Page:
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    2. I agree with Ken, the two-way wheels had two sets of mechanisms inside, one a mirror image of the other. When considering the options it's always best to assume the simplest method. Designing a separate system requiring a different mechanical design would seem to be more complicated than simply considering what might happen with two opposing systems as described.

      JC

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  9. Ok I concede, but only until I prove otherwise with a working wheel!

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    1. Just a few more days now ......

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  10. Thanks Ken for your true opinion, like you and John I agree about reversing the mechanics for the two way rotation, but not sure about how the one way starts ? I'm simply trying to understand exactly how the one way wheel could spontaneously move, this I believe is a very important point of Bessler's history on true facts, wouldn't you agree John.

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    1. If you can conceive a wheel with no punctum quietis, with no balance in any position, then why would it rest, even in the initial position ?

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    2. Actually, the 8 weighted levers inside of one of Bessler's one-directional wheels did have a "punctum quietus" (which means "stopping point" in English). What was unique about it compared to everyone else's failed imbalanced pm wheel designs was that it was not located directly vertically under the center of the axle and that was what allowed his wheels to develop an accelerating torque. Maybe we should say that Bessler's wheels' weighted levers always had and maintained a "punctum non quietus" (meaning a "not stopping point" or "punctum motus" (meaning a "point of motion") on their drums' descending sides?!

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  11. There is of course another factor to consider with the mirror image theory and that is; there would have had to be 16 weights instead of eight and that would have made the wheel extremely heavy. I think using the same weights twice and just changing the timing is far more practical.JMO.

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    1. You assume eight weights Trevor, maybe the mirror image weights don't make much noise, maybe there aren't eight weights anyway, perhaps Bessler deliberately misled us. I have always maintained that there were five mechanisms, but who knows how many weights were attached to each mechanisms!

      JC

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    2. John, you was in agreement with Ken regarding the two way wheel, but you never actually mentioned if Bessler's one way wheel started spontaneously or do you think that it could have also been misleading

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    3. Hmm, love this honest open minded dialogue.

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    4. Yes, while a one-directional wheel contained a total of 8 weighted levers, the bidirectional wheel would require a total of 16 for the two one-directional wheels it contained along with various other structures critical to operation of a bidirectional wheel. My best current estimates give the Merseburg wheel's drum (along with its internal mechanics) and axle a gross weight of 400 lbs. and the mighty Kassel wheel one of 800 pounds. The volume of the Merseburg wheel's axle and drum was about 118 cubic feet. With a gross weight of 400 lbs., that works out to an average density of about 400 lbs. / 118 cubic feet = 3.39 lbs. / cubic foot. The volume of the Kassel wheel's axle and drum was about 170 cubic feet. With a gross weight of 800 lbs., that works out to an average of density of about 800 lbs. / 170 cubic feet = 4.7 lbs. / cubic foot. Considering that the density of solid oak is about 45 lbs. / cubic foot, we see that, relatively speaking, Bessler's wheels were rather light.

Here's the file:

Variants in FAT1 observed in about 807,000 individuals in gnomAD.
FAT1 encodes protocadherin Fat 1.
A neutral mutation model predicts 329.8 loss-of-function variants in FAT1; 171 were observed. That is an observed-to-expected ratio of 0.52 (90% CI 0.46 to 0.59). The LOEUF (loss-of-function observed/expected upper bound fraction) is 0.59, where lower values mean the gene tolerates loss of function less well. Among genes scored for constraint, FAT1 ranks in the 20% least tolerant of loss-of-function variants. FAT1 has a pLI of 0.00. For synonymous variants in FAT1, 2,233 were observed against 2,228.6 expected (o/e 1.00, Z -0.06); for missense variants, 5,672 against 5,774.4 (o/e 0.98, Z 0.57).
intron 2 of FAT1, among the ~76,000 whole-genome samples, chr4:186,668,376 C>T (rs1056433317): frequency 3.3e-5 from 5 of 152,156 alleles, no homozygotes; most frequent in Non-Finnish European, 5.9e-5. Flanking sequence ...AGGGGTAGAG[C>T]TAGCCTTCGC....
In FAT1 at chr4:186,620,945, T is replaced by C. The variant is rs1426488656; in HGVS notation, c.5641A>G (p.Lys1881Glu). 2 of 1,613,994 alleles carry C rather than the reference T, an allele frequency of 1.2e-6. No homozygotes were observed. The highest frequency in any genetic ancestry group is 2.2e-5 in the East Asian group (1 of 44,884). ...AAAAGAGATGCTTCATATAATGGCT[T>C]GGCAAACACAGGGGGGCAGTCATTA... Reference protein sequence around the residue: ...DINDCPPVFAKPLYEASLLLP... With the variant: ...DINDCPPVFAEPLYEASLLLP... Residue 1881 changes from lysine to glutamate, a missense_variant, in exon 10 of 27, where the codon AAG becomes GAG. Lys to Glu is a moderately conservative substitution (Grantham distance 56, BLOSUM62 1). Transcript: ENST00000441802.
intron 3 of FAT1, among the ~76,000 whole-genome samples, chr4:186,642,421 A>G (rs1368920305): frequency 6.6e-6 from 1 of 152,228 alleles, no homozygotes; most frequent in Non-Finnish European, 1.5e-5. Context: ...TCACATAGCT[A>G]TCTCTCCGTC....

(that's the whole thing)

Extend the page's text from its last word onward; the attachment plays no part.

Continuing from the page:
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    5. Above statement about the number of weights is Ken's opinion not necessarily fact! However it was stated several times by Bessler and witnesses that the one-way wheel started to spin spontaneously as soon as a brake was released. From a standstill they accelerated up to maximum speed.

      JC

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    6. Thanks John for your honesty regarding how you believed our Orffyreus Bessler's wheels worked.

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    7. John, are we not straying from the priorities here. We no longer need a bi-directional wheel that dispels the belief that it was powered by a spring.
      Surely then it is better to consolidate all the power in one direction providing double the power/weight ratio.

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    8. @ John: If the design I've extracted from the DT portrait clues that uses 8 weighted levers leads to a working physical wheel, my "opinion" will be quickly be accepted as fact by most. There are also some very obvious clues in the second DT portrait that suggest 8 weighted levers were used. Why know one noticed them before is beyond me.

      @Trevor: You are exactly right. Bessler's bidirectional wheels were able to store twice as rotational kinetic energy at any rotation rate as compared to a same diameter one-directional wheel. But, half of their possible power output was wasted because the locked up one-directional wheel undergoing retrograde rotation that became a passive flywheel added nothing to a bidirectional wheel's power output. Bessler was obsessed with bidirectionality because he wanted to prove to witnesses that his wheels were not powered by clockwork mechanisms which could only turn in one direction. For example, if he had used two one-directional wheels inside of the Kassel wheel which were both turning in the same direction, he could have doubled its startup power output from about 50 watts to 100 watts. He could also have reduced the gross weight of the wheel by eliminating the system of gravity activated latches necessary to achieve bidirectionality. If we ever develop backward time travel, I intend to travel back in time to just before he constructed the Merseburg wheel and see if I can talk him out of building it. I'll give him some fairy tale about how I'm an angel sent from God to keep him from making a big blunder and maybe he'll believe that and change the design of the Merseburg wheel to make it a more powerful one-directional wheel.